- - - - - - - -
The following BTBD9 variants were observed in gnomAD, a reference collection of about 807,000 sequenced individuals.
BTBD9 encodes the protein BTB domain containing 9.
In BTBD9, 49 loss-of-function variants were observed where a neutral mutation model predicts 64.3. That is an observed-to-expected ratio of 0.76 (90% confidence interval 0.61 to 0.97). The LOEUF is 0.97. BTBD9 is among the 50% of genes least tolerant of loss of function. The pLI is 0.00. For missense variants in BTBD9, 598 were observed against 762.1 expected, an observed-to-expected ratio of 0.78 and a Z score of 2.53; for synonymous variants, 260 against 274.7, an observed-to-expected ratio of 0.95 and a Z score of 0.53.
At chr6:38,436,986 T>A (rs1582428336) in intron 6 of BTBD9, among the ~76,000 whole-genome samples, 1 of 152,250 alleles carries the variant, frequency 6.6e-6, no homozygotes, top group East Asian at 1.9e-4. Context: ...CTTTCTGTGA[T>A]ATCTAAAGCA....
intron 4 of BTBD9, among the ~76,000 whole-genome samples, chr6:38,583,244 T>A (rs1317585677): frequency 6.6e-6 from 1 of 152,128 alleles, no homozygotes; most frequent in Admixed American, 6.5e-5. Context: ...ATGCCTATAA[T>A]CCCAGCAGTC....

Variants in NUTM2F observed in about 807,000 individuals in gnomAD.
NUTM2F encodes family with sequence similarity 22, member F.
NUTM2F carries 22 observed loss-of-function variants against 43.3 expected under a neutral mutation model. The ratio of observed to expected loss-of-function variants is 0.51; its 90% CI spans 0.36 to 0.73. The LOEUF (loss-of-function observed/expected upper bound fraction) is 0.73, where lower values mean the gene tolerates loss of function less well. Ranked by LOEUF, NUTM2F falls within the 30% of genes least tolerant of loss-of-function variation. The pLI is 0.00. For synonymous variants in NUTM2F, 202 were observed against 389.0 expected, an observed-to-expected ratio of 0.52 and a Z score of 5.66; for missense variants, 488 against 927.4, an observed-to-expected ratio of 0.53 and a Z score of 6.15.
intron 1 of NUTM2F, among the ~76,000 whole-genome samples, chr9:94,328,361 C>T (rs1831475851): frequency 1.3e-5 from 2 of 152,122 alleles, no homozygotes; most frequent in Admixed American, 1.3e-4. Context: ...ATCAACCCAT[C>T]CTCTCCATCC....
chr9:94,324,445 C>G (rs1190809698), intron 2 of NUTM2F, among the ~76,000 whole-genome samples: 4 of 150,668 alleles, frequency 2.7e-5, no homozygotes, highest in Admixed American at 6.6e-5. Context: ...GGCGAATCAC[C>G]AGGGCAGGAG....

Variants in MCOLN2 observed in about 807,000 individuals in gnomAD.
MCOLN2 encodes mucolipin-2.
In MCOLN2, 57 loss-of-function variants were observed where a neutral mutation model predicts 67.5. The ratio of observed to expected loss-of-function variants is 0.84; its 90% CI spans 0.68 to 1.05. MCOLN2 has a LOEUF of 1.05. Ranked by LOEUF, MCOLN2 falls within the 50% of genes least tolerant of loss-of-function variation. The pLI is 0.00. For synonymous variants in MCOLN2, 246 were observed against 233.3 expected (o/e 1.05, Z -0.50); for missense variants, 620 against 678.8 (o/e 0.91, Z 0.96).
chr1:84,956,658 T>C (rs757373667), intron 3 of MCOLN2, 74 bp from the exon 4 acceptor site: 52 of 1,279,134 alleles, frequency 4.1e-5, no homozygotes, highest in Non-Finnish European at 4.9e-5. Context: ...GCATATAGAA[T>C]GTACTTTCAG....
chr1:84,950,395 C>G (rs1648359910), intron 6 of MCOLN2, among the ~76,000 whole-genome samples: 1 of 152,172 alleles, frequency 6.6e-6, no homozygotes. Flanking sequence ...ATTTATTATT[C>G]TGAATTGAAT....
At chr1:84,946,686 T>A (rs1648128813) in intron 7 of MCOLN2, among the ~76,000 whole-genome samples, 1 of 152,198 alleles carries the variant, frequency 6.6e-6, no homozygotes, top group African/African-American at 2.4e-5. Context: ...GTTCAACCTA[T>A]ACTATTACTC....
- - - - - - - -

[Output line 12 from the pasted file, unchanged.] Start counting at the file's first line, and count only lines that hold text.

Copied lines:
MCOLN2 encodes mucolipin-2.